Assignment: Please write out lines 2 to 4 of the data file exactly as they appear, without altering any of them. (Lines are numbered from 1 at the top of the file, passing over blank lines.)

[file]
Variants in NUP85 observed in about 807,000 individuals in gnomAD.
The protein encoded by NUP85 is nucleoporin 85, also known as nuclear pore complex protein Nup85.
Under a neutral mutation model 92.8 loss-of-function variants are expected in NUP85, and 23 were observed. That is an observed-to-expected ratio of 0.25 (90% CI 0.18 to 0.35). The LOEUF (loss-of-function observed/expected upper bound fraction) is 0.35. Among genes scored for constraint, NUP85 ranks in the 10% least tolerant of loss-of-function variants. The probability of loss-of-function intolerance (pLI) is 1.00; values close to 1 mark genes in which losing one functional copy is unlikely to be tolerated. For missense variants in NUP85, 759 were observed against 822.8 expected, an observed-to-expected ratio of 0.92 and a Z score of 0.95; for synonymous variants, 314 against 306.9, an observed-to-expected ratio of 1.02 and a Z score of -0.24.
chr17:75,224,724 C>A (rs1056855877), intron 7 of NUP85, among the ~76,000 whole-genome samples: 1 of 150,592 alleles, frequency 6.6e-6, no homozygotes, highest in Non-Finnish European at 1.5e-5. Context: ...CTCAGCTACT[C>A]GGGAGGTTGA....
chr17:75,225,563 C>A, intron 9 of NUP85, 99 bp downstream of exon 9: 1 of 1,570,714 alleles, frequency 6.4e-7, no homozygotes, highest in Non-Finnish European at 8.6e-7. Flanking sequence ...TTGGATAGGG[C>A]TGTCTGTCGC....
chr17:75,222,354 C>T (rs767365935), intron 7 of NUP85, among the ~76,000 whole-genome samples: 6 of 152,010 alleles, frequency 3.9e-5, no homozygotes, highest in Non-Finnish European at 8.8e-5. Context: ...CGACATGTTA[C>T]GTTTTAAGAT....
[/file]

The protein encoded by NUP85 is nucleoporin 85, also known as nuclear pore complex protein Nup85.
Under a neutral mutation model 92.8 loss-of-function variants are expected in NUP85, and 23 were observed. That is an observed-to-expected ratio of 0.25 (90% CI 0.18 to 0.35). The LOEUF (loss-of-function observed/expected upper bound fraction) is 0.35. Among genes scored for constraint, NUP85 ranks in the 10% least tolerant of loss-of-function variants. The probability of loss-of-function intolerance (pLI) is 1.00; values close to 1 mark genes in which losing one functional copy is unlikely to be tolerated. For missense variants in NUP85, 759 were observed against 822.8 expected, an observed-to-expected ratio of 0.92 and a Z score of 0.95; for synonymous variants, 314 against 306.9, an observed-to-expected ratio of 1.02 and a Z score of -0.24.
chr17:75,224,724 C>A (rs1056855877), intron 7 of NUP85, among the ~76,000 whole-genome samples: 1 of 150,592 alleles, frequency 6.6e-6, no homozygotes, highest in Non-Finnish European at 1.5e-5. Context: ...CTCAGCTACT[C>A]GGGAGGTTGA....